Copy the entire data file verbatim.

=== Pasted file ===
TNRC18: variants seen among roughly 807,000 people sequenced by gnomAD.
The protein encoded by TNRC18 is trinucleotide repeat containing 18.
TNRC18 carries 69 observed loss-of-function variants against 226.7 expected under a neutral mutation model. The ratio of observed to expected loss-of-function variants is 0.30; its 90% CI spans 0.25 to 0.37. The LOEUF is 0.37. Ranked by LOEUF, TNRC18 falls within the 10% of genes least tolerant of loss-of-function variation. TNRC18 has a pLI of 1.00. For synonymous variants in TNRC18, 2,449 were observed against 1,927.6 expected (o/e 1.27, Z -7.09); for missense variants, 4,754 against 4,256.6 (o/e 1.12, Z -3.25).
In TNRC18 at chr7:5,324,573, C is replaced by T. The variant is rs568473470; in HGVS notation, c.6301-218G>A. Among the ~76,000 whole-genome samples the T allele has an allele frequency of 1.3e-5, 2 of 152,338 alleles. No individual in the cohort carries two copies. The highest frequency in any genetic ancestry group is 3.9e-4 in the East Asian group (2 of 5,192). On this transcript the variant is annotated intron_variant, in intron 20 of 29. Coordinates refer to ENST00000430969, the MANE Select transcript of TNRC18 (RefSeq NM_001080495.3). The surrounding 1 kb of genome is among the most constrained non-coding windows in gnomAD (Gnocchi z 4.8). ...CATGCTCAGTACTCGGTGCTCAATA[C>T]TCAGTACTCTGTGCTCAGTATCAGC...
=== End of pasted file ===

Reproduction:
TNRC18: variants seen among roughly 807,000 people sequenced by gnomAD.
The protein encoded by TNRC18 is trinucleotide repeat containing 18.
TNRC18 carries 69 observed loss-of-function variants against 226.7 expected under a neutral mutation model. The ratio of observed to expected loss-of-function variants is 0.30; its 90% CI spans 0.25 to 0.37. The LOEUF is 0.37. Ranked by LOEUF, TNRC18 falls within the 10% of genes least tolerant of loss-of-function variation. TNRC18 has a pLI of 1.00. For synonymous variants in TNRC18, 2,449 were observed against 1,927.6 expected (o/e 1.27, Z -7.09); for missense variants, 4,754 against 4,256.6 (o/e 1.12, Z -3.25).
In TNRC18 at chr7:5,324,573, C is replaced by T. The variant is rs568473470; in HGVS notation, c.6301-218G>A. Among the ~76,000 whole-genome samples the T allele has an allele frequency of 1.3e-5, 2 of 152,338 alleles. No individual in the cohort carries two copies. The highest frequency in any genetic ancestry group is 3.9e-4 in the East Asian group (2 of 5,192). On this transcript the variant is annotated intron_variant, in intron 20 of 29. Coordinates refer to ENST00000430969, the MANE Select transcript of TNRC18 (RefSeq NM_001080495.3). The surrounding 1 kb of genome is among the most constrained non-coding windows in gnomAD (Gnocchi z 4.8). ...CATGCTCAGTACTCGGTGCTCAATA[C>T]TCAGTACTCTGTGCTCAGTATCAGC...